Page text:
The latter. I just want to stop people cloning my entire system. While they are welcome to copy all parts of tinycorelinux, i don't want them taking all my hard work (scripts, some custom packages, etc.) and cloning it to their own Raspberry Pi. The dedicated hw key is an idea and I think it will definitely work, based on my research, thank you.

Why would it be stored in a file? Your original post says it would be fetched each boot from a server, and then kept in memory?

This is true. However, that was just a proposed solution, if it could be kept on the device, that would be ideal. Fetching it from an external server would eliminate a large security hole though. The more I think about it, I think that the hw key might be the way to go, at least until I can hire a programmer to write that external key retrieval system.

Hi mulletman87, once the files/filesystem is unlocked, whats to stop someone from copying them then?

Well this is the issue that I am brainstorming. When the SDcard is plugged into the device, yes it will be decrypted but they cannot access the data due to access credentials (logins, etc.). When the SDcard is removed and plugged into a windows laptop for example, they cannot access the data because they dont have the decryption key (either from the hw device or from the cloud server during boot).

Just brainstorming at the moment to be honest, still trying to find the best solution.

If you had to do it, what method would you personally use?

Offline Greg Erskine

  • Sr. Member
  • ****
  • Posts: 404
Re: Encrypt the persistent storage
« Reply #12 on: February 22, 2016, 02:08:26 PM »
hi mulletman87,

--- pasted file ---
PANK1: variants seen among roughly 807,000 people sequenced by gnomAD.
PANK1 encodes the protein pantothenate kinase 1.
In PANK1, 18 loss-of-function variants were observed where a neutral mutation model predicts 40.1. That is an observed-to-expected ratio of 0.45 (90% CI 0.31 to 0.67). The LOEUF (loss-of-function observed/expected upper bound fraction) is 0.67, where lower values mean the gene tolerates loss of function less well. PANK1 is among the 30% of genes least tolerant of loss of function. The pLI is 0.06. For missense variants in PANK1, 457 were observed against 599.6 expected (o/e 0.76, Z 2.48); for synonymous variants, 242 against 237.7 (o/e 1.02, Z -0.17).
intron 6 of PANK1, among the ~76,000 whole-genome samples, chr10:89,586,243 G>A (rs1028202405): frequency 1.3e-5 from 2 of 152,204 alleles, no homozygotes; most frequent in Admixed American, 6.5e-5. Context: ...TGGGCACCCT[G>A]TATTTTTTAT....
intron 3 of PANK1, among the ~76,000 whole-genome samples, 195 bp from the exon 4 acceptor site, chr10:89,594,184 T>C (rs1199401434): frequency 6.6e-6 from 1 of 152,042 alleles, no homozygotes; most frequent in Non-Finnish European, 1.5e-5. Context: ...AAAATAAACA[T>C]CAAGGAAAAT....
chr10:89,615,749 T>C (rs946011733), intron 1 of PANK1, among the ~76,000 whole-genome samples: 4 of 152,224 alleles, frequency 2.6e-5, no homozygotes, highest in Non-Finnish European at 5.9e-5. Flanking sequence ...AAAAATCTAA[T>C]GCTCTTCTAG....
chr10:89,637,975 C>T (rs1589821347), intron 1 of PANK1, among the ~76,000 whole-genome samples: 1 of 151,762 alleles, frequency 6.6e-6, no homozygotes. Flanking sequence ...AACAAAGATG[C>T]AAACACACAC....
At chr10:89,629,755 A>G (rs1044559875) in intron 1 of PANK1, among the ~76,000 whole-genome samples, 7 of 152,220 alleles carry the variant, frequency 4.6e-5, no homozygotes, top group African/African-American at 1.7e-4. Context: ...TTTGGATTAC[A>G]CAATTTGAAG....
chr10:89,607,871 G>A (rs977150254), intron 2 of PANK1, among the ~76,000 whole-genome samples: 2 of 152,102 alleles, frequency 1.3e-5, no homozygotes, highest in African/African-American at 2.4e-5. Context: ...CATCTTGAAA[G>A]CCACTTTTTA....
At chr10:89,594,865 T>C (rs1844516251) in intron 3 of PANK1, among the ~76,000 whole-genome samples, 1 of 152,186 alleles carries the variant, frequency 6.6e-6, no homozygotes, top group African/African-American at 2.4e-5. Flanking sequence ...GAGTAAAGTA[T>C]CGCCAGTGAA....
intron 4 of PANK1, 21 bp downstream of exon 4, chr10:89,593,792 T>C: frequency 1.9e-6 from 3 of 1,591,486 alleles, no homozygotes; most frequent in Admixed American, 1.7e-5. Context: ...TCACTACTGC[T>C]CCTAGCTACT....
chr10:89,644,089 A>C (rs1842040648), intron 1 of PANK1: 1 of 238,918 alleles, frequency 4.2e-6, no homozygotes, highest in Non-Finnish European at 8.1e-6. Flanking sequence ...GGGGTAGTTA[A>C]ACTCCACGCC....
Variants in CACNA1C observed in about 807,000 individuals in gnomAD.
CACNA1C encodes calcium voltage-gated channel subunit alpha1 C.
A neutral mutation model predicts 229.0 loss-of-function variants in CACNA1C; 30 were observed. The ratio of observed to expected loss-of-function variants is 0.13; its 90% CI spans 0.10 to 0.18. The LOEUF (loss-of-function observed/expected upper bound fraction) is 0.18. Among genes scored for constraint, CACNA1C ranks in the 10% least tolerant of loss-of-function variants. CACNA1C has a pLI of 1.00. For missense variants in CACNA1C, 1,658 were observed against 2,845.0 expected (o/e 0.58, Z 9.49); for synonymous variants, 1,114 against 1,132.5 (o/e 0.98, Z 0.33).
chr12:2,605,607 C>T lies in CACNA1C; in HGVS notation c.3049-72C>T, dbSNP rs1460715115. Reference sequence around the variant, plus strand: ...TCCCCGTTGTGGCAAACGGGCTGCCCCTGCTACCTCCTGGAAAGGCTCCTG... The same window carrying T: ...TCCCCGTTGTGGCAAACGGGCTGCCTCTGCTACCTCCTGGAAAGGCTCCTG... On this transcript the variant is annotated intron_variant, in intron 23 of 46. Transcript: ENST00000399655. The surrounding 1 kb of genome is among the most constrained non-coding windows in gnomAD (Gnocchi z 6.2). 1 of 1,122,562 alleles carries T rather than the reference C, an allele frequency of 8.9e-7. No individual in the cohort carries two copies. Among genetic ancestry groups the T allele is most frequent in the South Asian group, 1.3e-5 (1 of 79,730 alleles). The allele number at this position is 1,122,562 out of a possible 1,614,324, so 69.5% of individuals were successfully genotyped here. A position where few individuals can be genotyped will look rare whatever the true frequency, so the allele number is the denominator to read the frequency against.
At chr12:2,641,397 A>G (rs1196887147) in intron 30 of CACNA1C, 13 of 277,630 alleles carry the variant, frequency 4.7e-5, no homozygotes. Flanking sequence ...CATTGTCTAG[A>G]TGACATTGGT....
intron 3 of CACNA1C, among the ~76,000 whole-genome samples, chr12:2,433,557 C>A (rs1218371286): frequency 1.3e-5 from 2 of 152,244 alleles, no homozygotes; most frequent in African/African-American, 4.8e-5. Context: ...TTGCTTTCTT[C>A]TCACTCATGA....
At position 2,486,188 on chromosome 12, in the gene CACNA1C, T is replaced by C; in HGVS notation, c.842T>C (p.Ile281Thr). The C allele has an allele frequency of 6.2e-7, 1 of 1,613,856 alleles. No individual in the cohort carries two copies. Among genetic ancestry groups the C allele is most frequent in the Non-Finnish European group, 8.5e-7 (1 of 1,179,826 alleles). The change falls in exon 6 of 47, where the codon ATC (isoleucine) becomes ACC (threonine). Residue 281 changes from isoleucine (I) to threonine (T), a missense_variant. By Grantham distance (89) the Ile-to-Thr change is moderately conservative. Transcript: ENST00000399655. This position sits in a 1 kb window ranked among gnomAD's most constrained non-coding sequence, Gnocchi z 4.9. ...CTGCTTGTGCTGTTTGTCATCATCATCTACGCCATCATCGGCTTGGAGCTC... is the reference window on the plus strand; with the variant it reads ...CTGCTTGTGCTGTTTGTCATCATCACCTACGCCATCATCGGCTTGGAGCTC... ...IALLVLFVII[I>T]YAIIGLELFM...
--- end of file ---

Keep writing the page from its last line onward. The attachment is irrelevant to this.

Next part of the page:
I have been an IT Manager for lots of years and seen lots of security devices and encryption keys.

Here is a list of tips learnt from experience.

1. Make sure you make the purchasers aware of the security device during the sales process.

Then, when they have to get approval from their IT Manager he/she will get a "no" and this will solve any chance of stealing your software.

2. Make the security device easily removable from the computer.

This allows the user to take the security device home and the lose it. Ensure when they ask for a replacement you tell them that they will have to repurchase the software and security device at full price because you don't really believe them.

This means people in the office can unplug it and leave it somewhere where no one can find it.

3. Make sure the security device interferes with other software.

Users love this.

4. Make sure the security is not compatible with other security devices.

It fun to watch users swap security devices, until they lose it.

5. Make sure it is keyed to one computer.

This is a great one. Nobody ever upgrades their computer do they. Computers never fail. Ensure there is no one in your office to support the transfer of the security device on Friday afternoon when the tender is due out on Monday morning.

6. Make sure the security device is flimsy enough to break.

It's great to have non-productive users while a new one is being issued, but only after the return of the old one. And it only took 2 days to get accounts approvable for funds. Oh.. the courier lost it, bummer.

7. Make sure the security keys are reasonable complex.

Hackers like a bit of a challenge before the break it and publish on a newsgroup for free.

8. Make security keys only work for one computer, ditto #5

9. Make usre the secuity measures are so painful that the company will ditch the software for the opposition.

regards
Greg
« Last Edit: February 22, 2016, 02:10:23 PM by Greg Erskine »

Offline mulletman87

  • Newbie
  • *
  • Posts: 27
Re: Encrypt the persistent storage
« Reply #13 on: February 22, 2016, 11:50:14 PM »
@Greg Day made, thanks for the lols  ;D ;D ;D ;D ;D ;D ;D

Offline mulletman87

  • Newbie
  • *
  • Posts: 27
Re: Encrypt the persistent storage
« Reply #14 on: February 29, 2016, 10:20:09 PM »
Hi all,

Does anyone have any further thoughts on reply #11?